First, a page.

This afternoon I spent a wonderful few hours exploring the gardens at Vergelegen Estate with a friend – we went specially to view the Camellia garden as we both love Camellias. The Estate, which is located approximately 40 minutes drive from the centre of Cape Town, has been a gardener’s paradise since the van der Stel era in the 1700’s and today, 17 beautifully themed gardens are on display for visitors to enjoy. But back to the Camellias …
The outstanding collection of over 1000 Camellia bushes at Vergelegen have been recognised as an International Camellia Garden of Excellence by the International Camellia Society. And when you wonder through this garden you can see why. The gardens include approximately 550 cultivars from as far afield as Australia, New Zealand, France, Japan, America and South Africa. But there is more to Vergelegen than the Camellia garden. Let me take you through a quick walk through the splendours of Vergelegen …
When you arrive the first stop is the Visitor Information Centre and Gift Shop which is housed in the former stable buildings. Next is the Wine Tasting Centre where you can sample Vergelegen’s award winning wines, some of which are rated among the best in the world. We were here to see the gardens so we didn’t stop for wine tasting, but for visitors new to Cape Town I would highly recommend the wine tasting and a visit to the Winery (booking essential). Next is the Interpretive Centre where exhibits on display in the former stable building give a detailed insight into the history and development of Vergelegen. But … we were here to see the gardens so we skipped this and proceeded along the Almond and Oak Avenue and went on to the Octagonal Garden which is a magnificent typical English garden with wonderful herbaceous borders. We did a brief walk through the Homestead which has been extensively refurbished with fine examples of early Cape furniture and textiles and provides a history of Vergelegen. We walked on to the Camphor Trees and great lawn. At the front entrance to the homestead are five magnificent Chinese camphor trees which were planted between 1700 and 1706 by Governor Van Der Stel – these are apparently the oldest, living, documented trees on the subcontinent and were dedicated as a national monument in 1942.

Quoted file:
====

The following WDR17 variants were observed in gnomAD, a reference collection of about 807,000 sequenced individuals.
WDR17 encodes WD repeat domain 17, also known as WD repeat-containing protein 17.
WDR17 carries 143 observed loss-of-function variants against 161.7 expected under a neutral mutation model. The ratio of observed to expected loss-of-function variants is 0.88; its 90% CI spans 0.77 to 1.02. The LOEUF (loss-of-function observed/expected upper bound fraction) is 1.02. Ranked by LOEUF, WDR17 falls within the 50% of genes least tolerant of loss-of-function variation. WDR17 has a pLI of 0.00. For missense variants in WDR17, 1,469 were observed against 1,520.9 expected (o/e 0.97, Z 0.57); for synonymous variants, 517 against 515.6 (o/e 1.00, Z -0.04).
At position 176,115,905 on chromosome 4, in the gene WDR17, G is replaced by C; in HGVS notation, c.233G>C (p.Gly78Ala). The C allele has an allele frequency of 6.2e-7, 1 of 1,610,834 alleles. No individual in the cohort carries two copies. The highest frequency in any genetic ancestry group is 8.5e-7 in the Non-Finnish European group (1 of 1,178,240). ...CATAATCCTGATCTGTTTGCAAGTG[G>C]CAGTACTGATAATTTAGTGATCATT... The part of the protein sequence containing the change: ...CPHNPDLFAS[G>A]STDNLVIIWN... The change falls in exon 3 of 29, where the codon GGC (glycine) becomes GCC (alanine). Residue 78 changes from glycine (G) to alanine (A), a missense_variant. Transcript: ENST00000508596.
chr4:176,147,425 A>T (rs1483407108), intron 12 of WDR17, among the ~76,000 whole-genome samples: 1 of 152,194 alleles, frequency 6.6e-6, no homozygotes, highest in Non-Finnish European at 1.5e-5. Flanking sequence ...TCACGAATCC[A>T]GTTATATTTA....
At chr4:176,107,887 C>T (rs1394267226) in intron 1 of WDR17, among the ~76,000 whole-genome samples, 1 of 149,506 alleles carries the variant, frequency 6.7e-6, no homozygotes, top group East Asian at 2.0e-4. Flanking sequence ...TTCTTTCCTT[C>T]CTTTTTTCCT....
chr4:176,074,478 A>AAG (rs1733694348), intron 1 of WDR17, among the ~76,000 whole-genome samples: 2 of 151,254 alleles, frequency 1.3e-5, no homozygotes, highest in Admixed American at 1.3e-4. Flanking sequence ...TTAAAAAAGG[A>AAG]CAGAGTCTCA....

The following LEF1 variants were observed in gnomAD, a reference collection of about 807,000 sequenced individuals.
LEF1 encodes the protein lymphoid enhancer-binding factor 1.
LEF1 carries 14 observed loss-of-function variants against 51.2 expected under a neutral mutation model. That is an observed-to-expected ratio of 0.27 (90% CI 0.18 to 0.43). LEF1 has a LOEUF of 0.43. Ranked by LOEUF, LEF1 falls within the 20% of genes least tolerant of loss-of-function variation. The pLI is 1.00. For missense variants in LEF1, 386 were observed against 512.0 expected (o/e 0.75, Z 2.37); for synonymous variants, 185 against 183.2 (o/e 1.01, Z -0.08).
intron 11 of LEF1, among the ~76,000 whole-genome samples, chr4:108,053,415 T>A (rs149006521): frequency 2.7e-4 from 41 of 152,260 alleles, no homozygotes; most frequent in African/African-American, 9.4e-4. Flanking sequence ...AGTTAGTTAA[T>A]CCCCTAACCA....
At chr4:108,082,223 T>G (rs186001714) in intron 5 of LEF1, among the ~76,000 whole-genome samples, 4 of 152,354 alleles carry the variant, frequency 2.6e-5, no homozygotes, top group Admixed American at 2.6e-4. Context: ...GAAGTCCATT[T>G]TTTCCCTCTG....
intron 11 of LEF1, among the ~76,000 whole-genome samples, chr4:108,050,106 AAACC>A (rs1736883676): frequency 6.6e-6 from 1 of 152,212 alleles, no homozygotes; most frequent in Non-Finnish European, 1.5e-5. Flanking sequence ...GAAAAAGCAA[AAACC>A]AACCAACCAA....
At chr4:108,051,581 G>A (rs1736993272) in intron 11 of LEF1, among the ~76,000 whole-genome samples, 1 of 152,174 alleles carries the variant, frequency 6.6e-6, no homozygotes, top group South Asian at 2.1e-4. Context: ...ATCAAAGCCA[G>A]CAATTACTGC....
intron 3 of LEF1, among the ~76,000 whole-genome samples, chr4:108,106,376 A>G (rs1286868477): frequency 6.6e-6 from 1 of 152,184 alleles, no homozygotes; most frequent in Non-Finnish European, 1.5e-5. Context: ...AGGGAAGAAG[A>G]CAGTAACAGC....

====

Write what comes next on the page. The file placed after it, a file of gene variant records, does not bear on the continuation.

We made our way to the Rose Garden (not at its best right now, but beautiful nonetheless) and then on through the Yellowwood Walk and Water Mill to the Camellia Garden. You walk past the ruin of an old water mill, cross the river over a suspension bridge and then follow Camellia lined pathways through a yellow wood forest until you reach the Camellia garden. The Camellias are really quite magnificent and it was wonderful for me to see what I can expect my Camellia bushes to look like in a few years. Most impressive to me was a grouping of three Camellia shrubs – they were huge – taller than some of my trees! (see photo on the right).
Then a wooden boardwalk leads you through groves of tree ferns and arum lilies, gunnera and azaleas (also gorgeous!). This is known as the Wetland garden. Then there is the Camphor Tree picnic area – in season you can collect a basket from the info centre and a picnic in the Camphor Forest and I believe there is entertainment provided for kids in the form of a treasure hunt. Sounds like a lovely family day out to me.
Unfortunately it started to get late and chilly so we missed some of the other highlights which include the Margaret Roberts Herb and Vegetable garden. We went inside to the restaurant where we enjoyed coffee and scones (I had the most sublime cheese cake ever!) before we were warned that the gates would be closing at 6pm, so unless we wanted to be locked into the grounds overnight … we opted to leave and come back another day to explore some more.
Photographs (click to enlarge)
If you are interested in Vergelegen Estate their website provides a lot of detailed info about the history of the estate and the gardens. Website: http://www.vergelegen.co.za/